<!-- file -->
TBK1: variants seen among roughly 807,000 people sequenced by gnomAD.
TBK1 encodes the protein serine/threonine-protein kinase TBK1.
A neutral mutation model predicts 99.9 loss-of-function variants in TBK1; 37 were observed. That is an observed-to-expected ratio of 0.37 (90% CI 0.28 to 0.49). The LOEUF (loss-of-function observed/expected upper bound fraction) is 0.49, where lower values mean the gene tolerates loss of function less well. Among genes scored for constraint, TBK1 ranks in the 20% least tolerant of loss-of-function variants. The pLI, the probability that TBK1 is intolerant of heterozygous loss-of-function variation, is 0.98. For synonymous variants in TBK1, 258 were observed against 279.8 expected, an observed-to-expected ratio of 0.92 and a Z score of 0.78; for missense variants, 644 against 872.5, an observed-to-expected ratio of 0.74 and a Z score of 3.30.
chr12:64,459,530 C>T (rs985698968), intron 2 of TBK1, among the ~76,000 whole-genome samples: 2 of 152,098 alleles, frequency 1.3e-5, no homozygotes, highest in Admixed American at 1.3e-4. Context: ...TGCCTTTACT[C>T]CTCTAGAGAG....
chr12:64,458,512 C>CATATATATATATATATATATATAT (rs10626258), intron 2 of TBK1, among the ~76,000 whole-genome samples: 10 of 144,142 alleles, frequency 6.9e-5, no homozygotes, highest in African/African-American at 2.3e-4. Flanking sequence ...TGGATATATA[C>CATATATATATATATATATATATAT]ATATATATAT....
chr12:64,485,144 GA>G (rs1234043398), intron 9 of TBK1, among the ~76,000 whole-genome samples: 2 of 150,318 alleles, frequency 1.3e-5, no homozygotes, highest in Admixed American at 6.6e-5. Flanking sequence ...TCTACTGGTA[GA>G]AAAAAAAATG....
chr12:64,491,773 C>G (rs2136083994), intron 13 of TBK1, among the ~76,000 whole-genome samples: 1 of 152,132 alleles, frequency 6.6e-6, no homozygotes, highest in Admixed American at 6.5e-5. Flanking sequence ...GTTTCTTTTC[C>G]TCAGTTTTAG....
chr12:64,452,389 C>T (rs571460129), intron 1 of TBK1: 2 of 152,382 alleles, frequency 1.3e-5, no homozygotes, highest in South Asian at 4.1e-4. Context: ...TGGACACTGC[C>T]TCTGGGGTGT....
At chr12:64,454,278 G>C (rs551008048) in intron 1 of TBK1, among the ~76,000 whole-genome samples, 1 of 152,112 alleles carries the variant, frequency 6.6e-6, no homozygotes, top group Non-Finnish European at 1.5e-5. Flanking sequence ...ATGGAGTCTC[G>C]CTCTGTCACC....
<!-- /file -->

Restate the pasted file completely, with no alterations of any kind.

TBK1: variants seen among roughly 807,000 people sequenced by gnomAD.
TBK1 encodes the protein serine/threonine-protein kinase TBK1.
A neutral mutation model predicts 99.9 loss-of-function variants in TBK1; 37 were observed. That is an observed-to-expected ratio of 0.37 (90% CI 0.28 to 0.49). The LOEUF (loss-of-function observed/expected upper bound fraction) is 0.49, where lower values mean the gene tolerates loss of function less well. Among genes scored for constraint, TBK1 ranks in the 20% least tolerant of loss-of-function variants. The pLI, the probability that TBK1 is intolerant of heterozygous loss-of-function variation, is 0.98. For synonymous variants in TBK1, 258 were observed against 279.8 expected, an observed-to-expected ratio of 0.92 and a Z score of 0.78; for missense variants, 644 against 872.5, an observed-to-expected ratio of 0.74 and a Z score of 3.30.
chr12:64,459,530 C>T (rs985698968), intron 2 of TBK1, among the ~76,000 whole-genome samples: 2 of 152,098 alleles, frequency 1.3e-5, no homozygotes, highest in Admixed American at 1.3e-4. Context: ...TGCCTTTACT[C>T]CTCTAGAGAG....
chr12:64,458,512 C>CATATATATATATATATATATATAT (rs10626258), intron 2 of TBK1, among the ~76,000 whole-genome samples: 10 of 144,142 alleles, frequency 6.9e-5, no homozygotes, highest in African/African-American at 2.3e-4. Flanking sequence ...TGGATATATA[C>CATATATATATATATATATATATAT]ATATATATAT....
chr12:64,485,144 GA>G (rs1234043398), intron 9 of TBK1, among the ~76,000 whole-genome samples: 2 of 150,318 alleles, frequency 1.3e-5, no homozygotes, highest in Admixed American at 6.6e-5. Flanking sequence ...TCTACTGGTA[GA>G]AAAAAAAATG....
chr12:64,491,773 C>G (rs2136083994), intron 13 of TBK1, among the ~76,000 whole-genome samples: 1 of 152,132 alleles, frequency 6.6e-6, no homozygotes, highest in Admixed American at 6.5e-5. Flanking sequence ...GTTTCTTTTC[C>G]TCAGTTTTAG....
chr12:64,452,389 C>T (rs571460129), intron 1 of TBK1: 2 of 152,382 alleles, frequency 1.3e-5, no homozygotes, highest in South Asian at 4.1e-4. Context: ...TGGACACTGC[C>T]TCTGGGGTGT....
At chr12:64,454,278 G>C (rs551008048) in intron 1 of TBK1, among the ~76,000 whole-genome samples, 1 of 152,112 alleles carries the variant, frequency 6.6e-6, no homozygotes, top group Non-Finnish European at 1.5e-5. Flanking sequence ...ATGGAGTCTC[G>C]CTCTGTCACC....